The boy who knew too much: a child prodigy

This is the true story of scientific child prodigy, and former baby genius, Ainan Celeste Cawley, written by his father. It is the true story, too, of his gifted brothers and of all the Cawley family. I write also of child prodigy and genius in general: what it is, and how it is so often neglected in the modern world. As a society, we so often fail those we should most hope to see succeed: our gifted children and the gifted adults they become. Site Copyright: Valentine Cawley, 2006 +

Monday, February 07, 2011

Star Wars: The Phantom Menace.

The other day, whilst in a video store, Tiarnan, five, insisted on buying "Star Wars". He had a choice between a package that contained the first film I had seen in 1976 (the one with Princess Leia and her bun hair style!), which was now labelled no. 4 in the series, or a package containing The Phantom Menace, now labelled no.1. He took the Phantom Menace, despite some misgivings from me about the quality of this film.

It was very interesting to see my sons' reactions to the Phantom Menace. As it began and the titles came up, Fintan exclaimed, in some surprise: "So old-fashioned!". I had to smile. The mystery of it, for me, was that he had enough cultural references to think of that style of writing as "old-fashioned".

Then, the scrolling writing came up, to set the scene - a ludicrous plot out of a bureaucrat's mind, about taxation of planetary trade.

"Is this film just about reading?", asked Fintan a little piqued.

"No, that is just the introduction."

He settled down to watch and, with him, Tiarnan.

Now, you should know that Tiarnan is five, Fintan is seven and Ainan has just turned eleven. The Phantom Menace should be an ideal film for children, however, my sons' views of it were rather telling. As the film progressed, instead of them becoming more absorbed in it, they became more and more fidgety. Even I found it dull. This was, supposedly, a science fiction film - but its subject of politics, bureaucracy and taxation, could not have been less interesting. George Lucas had, it seemed, become a very dull man in his later years. Shakespeare had known how to write of Kings, interestingly, but George Lucas has not mastered the modern equivalent.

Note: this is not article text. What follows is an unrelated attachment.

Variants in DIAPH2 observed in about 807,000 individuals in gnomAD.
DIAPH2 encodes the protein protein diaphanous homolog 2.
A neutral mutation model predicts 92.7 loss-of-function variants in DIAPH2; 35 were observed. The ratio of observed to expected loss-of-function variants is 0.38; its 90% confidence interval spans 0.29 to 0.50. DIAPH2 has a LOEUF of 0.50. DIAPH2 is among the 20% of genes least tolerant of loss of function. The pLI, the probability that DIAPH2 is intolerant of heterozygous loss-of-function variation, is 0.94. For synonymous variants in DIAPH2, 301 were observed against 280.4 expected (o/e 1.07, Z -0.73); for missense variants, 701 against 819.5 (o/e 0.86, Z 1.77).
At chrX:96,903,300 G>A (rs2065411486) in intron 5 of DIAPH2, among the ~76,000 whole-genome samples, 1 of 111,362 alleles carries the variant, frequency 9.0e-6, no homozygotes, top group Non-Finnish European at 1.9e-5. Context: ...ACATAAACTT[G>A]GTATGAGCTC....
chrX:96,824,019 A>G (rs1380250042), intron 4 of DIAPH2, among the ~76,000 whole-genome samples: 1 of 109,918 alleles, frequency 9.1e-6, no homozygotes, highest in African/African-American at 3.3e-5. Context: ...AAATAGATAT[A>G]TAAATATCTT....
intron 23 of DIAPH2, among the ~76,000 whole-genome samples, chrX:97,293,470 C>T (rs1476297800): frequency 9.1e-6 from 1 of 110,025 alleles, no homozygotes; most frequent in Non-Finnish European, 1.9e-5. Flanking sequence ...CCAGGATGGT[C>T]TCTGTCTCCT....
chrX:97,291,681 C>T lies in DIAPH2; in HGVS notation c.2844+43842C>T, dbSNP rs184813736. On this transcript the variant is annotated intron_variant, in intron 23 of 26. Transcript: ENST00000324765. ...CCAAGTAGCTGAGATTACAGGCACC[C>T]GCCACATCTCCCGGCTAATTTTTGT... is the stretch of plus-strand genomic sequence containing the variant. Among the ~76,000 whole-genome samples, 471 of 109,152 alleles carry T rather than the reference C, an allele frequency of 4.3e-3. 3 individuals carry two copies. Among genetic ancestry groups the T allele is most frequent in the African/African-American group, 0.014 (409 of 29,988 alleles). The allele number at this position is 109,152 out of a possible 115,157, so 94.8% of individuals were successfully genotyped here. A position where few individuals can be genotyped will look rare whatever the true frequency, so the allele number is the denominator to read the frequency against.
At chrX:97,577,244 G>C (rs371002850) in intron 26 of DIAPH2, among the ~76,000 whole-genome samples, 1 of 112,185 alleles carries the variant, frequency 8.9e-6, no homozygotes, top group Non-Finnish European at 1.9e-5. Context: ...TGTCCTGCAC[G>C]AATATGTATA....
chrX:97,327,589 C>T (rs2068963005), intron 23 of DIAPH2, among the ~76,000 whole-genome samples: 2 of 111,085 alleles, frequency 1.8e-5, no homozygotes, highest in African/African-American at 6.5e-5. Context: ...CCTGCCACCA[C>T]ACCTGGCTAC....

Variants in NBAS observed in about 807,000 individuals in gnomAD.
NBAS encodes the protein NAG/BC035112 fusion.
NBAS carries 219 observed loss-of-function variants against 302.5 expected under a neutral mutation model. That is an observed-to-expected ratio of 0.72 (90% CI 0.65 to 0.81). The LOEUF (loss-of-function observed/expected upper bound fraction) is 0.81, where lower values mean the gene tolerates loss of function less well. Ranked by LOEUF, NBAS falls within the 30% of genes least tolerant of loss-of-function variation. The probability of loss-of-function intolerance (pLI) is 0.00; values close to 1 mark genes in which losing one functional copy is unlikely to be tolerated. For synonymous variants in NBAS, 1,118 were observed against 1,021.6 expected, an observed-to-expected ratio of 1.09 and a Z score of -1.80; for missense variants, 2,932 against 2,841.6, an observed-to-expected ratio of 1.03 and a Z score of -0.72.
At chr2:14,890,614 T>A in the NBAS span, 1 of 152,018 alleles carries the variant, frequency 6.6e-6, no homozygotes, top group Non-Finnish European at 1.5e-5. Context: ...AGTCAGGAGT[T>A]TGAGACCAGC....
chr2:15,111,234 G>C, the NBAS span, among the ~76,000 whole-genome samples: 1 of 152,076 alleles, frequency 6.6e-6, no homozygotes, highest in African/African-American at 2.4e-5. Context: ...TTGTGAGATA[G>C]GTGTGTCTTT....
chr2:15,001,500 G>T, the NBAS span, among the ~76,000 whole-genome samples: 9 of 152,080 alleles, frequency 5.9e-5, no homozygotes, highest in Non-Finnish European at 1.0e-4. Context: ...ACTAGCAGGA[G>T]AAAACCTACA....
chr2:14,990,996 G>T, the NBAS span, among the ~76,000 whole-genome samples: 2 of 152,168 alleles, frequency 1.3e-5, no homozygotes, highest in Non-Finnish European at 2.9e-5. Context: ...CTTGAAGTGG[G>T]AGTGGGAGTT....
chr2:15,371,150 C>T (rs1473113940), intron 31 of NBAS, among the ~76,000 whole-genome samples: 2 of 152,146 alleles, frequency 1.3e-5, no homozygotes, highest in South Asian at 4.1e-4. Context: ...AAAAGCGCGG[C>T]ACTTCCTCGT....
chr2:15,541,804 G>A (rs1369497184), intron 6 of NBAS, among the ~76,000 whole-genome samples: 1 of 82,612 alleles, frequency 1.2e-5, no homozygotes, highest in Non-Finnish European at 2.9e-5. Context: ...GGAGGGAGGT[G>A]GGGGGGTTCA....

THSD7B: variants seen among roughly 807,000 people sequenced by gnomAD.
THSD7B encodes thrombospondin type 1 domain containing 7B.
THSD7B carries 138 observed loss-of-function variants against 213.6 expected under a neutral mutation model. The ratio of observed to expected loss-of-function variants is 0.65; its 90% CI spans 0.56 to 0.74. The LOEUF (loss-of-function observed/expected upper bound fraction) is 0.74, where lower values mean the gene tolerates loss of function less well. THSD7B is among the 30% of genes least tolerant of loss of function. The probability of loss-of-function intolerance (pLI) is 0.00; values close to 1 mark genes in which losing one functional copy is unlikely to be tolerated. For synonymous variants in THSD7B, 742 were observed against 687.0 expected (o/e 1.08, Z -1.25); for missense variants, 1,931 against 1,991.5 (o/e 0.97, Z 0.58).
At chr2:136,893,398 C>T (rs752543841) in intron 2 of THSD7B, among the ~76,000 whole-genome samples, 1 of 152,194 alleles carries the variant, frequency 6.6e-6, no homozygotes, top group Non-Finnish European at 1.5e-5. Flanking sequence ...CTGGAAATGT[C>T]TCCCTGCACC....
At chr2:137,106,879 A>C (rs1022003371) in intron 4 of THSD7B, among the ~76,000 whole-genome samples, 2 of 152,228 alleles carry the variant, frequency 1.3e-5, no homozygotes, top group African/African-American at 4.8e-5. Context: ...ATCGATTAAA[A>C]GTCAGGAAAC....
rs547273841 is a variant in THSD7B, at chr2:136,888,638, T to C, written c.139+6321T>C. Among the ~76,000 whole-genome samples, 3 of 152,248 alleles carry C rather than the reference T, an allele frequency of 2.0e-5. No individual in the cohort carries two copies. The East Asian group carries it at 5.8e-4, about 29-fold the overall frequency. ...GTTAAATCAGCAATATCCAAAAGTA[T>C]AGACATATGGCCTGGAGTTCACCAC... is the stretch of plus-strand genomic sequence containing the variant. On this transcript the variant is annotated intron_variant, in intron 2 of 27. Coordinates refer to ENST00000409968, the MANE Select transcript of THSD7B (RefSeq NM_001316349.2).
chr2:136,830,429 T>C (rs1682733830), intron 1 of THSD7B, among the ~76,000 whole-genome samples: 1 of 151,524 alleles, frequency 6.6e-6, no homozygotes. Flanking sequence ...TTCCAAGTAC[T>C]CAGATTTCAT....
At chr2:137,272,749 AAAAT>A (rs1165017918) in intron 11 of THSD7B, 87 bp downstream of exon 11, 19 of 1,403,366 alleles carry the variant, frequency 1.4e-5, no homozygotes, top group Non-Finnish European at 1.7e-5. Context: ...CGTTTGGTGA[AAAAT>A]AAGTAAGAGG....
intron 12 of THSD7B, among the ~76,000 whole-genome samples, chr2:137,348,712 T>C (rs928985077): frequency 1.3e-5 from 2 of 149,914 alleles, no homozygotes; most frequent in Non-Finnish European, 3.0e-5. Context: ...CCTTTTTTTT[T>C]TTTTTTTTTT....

About half way through the film, my sons made a decision:

Fintan let out an exasperated: "I am SO bored!", and got up and left.

Tiarnan joined him. Then Ainan, too.

George Lucas' supposed masterpiece was left alone to itself.

What a crappy film.

At this point, I should let you know that this has never happened with any other film that we have brought into the house. Thus, in all their lives, my sons have never been so bored by a movie as they were, by George Lucas' Phantom Menace. A film with so much potential appeal for children, that actually manages to bore my sons, can only be described as a total failure.

They returned about half an hour later, after having played and, rather steadfastly, watched the second half. To be fair, there were some more active parts of the later stages that they enjoyed. Overall, however, they didn't think much of The Phantom Menace.

This now presents a problem: will my children ever see part four, the original Star Wars film - which was, actually, worth seeing, in my childhood remembrance, anyway? It is altogether possible that they won't suffer through the first three, not very good, films, to see the second much better trilogy.

We shall see. However, it was good to see that the hype and marketing surrounding George Lucas' Star Wars oeuvre didn't prevent my sons from seeing the absolute boredom of The Phantom Menace. At least their inner sight, is clear...

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posted by Valentine Cawley @ 10:53 AM 


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